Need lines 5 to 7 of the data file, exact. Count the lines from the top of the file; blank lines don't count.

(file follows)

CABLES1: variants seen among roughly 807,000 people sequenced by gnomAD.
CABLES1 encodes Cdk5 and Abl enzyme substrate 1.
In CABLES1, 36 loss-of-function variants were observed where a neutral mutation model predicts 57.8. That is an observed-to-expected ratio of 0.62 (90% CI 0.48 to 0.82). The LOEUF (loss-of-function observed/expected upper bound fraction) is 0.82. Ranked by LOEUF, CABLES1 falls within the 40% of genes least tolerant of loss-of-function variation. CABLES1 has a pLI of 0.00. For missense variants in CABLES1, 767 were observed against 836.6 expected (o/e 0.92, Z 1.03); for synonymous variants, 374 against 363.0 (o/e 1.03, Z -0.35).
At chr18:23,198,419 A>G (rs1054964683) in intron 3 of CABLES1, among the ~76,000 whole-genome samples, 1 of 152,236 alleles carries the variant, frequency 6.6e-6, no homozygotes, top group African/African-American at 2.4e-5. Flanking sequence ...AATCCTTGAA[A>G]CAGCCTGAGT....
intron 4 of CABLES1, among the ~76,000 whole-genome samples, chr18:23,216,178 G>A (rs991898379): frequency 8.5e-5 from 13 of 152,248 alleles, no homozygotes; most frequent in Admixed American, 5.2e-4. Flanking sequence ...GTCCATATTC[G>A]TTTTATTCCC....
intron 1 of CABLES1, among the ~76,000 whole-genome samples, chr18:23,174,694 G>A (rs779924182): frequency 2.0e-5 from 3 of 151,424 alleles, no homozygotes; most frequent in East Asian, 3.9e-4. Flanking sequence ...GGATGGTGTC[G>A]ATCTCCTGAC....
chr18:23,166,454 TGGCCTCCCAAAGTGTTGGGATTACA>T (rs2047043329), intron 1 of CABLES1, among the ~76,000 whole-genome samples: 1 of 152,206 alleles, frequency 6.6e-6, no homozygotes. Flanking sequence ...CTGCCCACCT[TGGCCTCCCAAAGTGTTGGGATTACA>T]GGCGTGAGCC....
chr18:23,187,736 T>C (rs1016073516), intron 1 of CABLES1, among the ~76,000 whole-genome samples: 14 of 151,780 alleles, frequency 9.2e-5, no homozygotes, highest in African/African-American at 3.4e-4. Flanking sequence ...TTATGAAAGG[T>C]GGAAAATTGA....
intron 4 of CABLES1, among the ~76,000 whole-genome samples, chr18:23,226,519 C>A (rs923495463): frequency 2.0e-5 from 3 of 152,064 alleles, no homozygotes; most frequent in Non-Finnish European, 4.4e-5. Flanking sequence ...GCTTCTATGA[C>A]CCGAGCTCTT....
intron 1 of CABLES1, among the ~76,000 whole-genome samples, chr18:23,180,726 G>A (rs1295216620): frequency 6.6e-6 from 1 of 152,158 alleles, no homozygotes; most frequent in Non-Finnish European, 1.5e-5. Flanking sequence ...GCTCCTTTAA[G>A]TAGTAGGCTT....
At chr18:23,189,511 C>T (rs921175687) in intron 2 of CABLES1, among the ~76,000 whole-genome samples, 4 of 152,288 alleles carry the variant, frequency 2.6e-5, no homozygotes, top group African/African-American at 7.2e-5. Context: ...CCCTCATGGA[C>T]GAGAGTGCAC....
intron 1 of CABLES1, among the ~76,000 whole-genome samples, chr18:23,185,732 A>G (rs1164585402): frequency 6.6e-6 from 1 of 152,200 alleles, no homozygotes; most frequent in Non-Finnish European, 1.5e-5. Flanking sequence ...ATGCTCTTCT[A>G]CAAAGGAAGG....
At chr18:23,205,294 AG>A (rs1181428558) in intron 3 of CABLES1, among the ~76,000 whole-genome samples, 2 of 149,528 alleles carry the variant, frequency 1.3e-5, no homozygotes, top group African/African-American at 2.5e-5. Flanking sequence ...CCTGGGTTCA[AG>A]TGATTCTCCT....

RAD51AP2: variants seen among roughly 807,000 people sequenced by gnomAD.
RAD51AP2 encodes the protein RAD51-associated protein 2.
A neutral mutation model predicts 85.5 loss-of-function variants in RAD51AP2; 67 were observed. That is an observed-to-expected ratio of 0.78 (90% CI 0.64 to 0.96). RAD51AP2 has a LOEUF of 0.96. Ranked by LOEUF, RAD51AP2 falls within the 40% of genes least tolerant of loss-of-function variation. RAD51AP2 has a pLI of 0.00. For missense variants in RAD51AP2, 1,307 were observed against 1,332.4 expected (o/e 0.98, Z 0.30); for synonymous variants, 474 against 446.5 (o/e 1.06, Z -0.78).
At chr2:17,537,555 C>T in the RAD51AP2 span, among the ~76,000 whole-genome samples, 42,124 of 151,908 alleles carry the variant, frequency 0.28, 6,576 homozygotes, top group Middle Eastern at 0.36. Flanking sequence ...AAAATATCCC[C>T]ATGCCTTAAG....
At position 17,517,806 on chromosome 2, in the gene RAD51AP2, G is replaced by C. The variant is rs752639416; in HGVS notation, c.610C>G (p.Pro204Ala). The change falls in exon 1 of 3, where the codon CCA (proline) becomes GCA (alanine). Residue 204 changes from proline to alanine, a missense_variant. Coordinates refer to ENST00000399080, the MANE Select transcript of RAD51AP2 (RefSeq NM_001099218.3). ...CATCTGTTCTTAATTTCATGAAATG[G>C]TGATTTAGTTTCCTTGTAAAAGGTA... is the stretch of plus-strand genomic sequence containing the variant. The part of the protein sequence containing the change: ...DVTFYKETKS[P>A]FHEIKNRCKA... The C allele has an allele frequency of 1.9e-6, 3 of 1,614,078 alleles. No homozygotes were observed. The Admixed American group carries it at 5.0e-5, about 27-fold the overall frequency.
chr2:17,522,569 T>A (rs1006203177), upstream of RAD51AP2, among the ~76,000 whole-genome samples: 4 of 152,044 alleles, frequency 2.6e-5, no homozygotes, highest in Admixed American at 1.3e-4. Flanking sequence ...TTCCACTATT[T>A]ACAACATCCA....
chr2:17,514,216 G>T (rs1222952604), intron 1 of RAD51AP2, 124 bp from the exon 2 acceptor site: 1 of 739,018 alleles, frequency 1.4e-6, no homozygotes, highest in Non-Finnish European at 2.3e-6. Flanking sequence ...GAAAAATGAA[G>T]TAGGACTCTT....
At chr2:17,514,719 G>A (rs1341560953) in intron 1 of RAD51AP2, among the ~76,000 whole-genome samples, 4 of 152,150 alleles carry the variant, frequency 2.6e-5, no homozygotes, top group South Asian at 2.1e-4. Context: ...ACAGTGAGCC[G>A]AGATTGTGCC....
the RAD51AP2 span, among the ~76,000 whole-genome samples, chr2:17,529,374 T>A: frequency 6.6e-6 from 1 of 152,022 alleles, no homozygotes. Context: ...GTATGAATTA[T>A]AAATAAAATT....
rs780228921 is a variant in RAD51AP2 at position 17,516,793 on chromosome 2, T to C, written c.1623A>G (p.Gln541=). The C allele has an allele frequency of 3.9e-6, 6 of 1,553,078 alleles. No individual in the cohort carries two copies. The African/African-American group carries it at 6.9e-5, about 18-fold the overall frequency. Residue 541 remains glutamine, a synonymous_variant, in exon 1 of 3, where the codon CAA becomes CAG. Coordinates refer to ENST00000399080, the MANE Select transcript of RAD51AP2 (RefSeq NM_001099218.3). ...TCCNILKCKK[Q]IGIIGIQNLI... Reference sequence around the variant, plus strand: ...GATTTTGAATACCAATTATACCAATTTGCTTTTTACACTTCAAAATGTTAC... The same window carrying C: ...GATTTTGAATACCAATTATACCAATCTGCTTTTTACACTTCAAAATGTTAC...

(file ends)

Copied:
intron 4 of CABLES1, among the ~76,000 whole-genome samples, chr18:23,216,178 G>A (rs991898379): frequency 8.5e-5 from 13 of 152,248 alleles, no homozygotes; most frequent in Admixed American, 5.2e-4. Flanking sequence ...GTCCATATTC[G>A]TTTTATTCCC....
intron 1 of CABLES1, among the ~76,000 whole-genome samples, chr18:23,174,694 G>A (rs779924182): frequency 2.0e-5 from 3 of 151,424 alleles, no homozygotes; most frequent in East Asian, 3.9e-4. Flanking sequence ...GGATGGTGTC[G>A]ATCTCCTGAC....
chr18:23,166,454 TGGCCTCCCAAAGTGTTGGGATTACA>T (rs2047043329), intron 1 of CABLES1, among the ~76,000 whole-genome samples: 1 of 152,206 alleles, frequency 6.6e-6, no homozygotes. Flanking sequence ...CTGCCCACCT[TGGCCTCCCAAAGTGTTGGGATTACA>T]GGCGTGAGCC....